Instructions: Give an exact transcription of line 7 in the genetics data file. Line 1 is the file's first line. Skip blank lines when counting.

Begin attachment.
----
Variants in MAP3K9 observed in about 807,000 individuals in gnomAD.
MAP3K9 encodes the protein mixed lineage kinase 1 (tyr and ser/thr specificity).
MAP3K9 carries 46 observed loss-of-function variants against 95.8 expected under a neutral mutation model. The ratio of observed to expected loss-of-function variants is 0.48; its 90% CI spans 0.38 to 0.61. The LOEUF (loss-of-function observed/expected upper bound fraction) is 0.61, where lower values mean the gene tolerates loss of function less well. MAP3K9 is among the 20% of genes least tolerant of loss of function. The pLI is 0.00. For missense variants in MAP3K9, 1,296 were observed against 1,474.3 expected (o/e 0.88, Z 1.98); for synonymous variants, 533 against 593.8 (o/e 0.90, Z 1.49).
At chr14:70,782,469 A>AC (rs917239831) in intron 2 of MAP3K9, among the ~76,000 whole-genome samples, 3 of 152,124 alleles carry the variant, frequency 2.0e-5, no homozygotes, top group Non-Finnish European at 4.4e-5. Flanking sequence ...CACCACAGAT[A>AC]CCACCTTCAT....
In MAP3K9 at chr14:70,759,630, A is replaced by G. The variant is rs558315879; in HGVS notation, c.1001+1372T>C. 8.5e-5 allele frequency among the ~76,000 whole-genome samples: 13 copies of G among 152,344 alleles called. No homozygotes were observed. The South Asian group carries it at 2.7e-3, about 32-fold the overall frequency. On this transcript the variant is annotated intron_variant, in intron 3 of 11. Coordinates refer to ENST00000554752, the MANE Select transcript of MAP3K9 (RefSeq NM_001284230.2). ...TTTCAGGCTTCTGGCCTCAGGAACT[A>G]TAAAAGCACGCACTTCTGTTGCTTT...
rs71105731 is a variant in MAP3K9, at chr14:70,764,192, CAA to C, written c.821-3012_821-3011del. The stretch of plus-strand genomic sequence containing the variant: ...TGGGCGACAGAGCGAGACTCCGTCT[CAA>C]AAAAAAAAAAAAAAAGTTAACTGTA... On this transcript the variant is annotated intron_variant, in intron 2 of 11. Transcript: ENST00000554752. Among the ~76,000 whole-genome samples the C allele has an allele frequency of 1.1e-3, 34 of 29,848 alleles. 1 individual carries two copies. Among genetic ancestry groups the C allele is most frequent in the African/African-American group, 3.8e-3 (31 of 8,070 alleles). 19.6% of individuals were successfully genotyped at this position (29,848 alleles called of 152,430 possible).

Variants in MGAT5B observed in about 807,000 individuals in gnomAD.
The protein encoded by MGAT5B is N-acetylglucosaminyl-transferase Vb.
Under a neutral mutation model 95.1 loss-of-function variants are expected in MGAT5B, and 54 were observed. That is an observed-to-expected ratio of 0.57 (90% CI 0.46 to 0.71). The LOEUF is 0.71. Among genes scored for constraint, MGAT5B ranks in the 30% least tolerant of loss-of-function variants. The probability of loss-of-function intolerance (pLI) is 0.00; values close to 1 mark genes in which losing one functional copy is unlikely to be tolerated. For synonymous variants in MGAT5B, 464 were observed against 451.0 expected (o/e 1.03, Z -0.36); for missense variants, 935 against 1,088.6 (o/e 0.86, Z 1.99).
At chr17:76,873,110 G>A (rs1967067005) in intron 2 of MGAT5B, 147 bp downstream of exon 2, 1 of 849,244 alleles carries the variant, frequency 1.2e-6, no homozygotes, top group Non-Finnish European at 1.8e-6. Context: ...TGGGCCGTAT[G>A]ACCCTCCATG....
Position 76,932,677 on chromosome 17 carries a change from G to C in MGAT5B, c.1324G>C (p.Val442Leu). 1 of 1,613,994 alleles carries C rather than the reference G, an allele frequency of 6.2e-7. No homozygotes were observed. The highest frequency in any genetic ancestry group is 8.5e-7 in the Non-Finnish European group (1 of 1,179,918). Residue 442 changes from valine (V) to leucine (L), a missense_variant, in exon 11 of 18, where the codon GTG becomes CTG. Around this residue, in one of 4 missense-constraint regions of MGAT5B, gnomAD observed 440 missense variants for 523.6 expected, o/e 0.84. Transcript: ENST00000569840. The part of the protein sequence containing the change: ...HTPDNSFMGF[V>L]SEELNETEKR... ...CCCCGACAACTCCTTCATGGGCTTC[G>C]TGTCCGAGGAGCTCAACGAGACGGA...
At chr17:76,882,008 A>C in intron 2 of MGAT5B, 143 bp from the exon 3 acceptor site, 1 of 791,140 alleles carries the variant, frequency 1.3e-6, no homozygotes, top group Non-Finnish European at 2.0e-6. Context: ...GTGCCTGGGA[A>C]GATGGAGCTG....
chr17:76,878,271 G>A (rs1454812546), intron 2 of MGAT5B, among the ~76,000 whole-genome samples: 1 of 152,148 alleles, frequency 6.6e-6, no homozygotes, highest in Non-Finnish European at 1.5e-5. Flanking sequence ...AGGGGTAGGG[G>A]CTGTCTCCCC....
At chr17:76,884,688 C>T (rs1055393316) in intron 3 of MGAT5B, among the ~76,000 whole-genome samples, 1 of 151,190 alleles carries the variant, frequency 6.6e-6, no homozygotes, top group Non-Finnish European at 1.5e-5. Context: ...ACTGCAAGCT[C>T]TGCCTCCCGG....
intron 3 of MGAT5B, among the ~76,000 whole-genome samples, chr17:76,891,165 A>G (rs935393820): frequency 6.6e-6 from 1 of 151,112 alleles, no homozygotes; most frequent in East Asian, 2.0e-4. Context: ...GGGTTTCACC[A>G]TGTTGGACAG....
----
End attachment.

Variants in MGAT5B observed in about 807,000 individuals in gnomAD.